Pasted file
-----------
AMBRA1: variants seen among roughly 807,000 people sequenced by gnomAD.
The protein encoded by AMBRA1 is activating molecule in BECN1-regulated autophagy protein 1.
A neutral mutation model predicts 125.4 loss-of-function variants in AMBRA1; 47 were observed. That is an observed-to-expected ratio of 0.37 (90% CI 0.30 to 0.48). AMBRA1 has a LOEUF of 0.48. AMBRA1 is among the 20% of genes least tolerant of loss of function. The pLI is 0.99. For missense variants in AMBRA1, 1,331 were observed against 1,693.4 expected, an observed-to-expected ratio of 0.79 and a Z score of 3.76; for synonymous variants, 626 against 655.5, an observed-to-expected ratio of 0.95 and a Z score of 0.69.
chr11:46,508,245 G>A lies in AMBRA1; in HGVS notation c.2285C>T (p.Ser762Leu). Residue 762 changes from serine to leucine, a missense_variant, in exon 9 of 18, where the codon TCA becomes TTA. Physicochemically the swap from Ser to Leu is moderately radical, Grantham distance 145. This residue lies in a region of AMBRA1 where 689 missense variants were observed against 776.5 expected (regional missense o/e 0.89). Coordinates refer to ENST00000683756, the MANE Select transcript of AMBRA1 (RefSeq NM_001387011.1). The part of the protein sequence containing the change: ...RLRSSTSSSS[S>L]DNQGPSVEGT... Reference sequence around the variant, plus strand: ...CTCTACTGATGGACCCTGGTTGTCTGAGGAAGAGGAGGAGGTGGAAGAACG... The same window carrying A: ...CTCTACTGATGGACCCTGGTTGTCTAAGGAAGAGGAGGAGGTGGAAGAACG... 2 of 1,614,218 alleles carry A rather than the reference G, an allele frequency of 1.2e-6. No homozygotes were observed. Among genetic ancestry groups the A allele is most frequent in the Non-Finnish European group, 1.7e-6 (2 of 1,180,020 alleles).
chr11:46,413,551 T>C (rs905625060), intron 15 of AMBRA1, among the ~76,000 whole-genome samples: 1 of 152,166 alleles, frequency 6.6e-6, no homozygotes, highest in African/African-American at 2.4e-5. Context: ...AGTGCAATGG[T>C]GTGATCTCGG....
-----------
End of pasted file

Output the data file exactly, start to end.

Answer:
AMBRA1: variants seen among roughly 807,000 people sequenced by gnomAD.
The protein encoded by AMBRA1 is activating molecule in BECN1-regulated autophagy protein 1.
A neutral mutation model predicts 125.4 loss-of-function variants in AMBRA1; 47 were observed. That is an observed-to-expected ratio of 0.37 (90% CI 0.30 to 0.48). AMBRA1 has a LOEUF of 0.48. AMBRA1 is among the 20% of genes least tolerant of loss of function. The pLI is 0.99. For missense variants in AMBRA1, 1,331 were observed against 1,693.4 expected, an observed-to-expected ratio of 0.79 and a Z score of 3.76; for synonymous variants, 626 against 655.5, an observed-to-expected ratio of 0.95 and a Z score of 0.69.
chr11:46,508,245 G>A lies in AMBRA1; in HGVS notation c.2285C>T (p.Ser762Leu). Residue 762 changes from serine to leucine, a missense_variant, in exon 9 of 18, where the codon TCA becomes TTA. Physicochemically the swap from Ser to Leu is moderately radical, Grantham distance 145. This residue lies in a region of AMBRA1 where 689 missense variants were observed against 776.5 expected (regional missense o/e 0.89). Coordinates refer to ENST00000683756, the MANE Select transcript of AMBRA1 (RefSeq NM_001387011.1). The part of the protein sequence containing the change: ...RLRSSTSSSS[S>L]DNQGPSVEGT... Reference sequence around the variant, plus strand: ...CTCTACTGATGGACCCTGGTTGTCTGAGGAAGAGGAGGAGGTGGAAGAACG... The same window carrying A: ...CTCTACTGATGGACCCTGGTTGTCTAAGGAAGAGGAGGAGGTGGAAGAACG... 2 of 1,614,218 alleles carry A rather than the reference G, an allele frequency of 1.2e-6. No homozygotes were observed. Among genetic ancestry groups the A allele is most frequent in the Non-Finnish European group, 1.7e-6 (2 of 1,180,020 alleles).
chr11:46,413,551 T>C (rs905625060), intron 15 of AMBRA1, among the ~76,000 whole-genome samples: 1 of 152,166 alleles, frequency 6.6e-6, no homozygotes, highest in African/African-American at 2.4e-5. Context: ...AGTGCAATGG[T>C]GTGATCTCGG....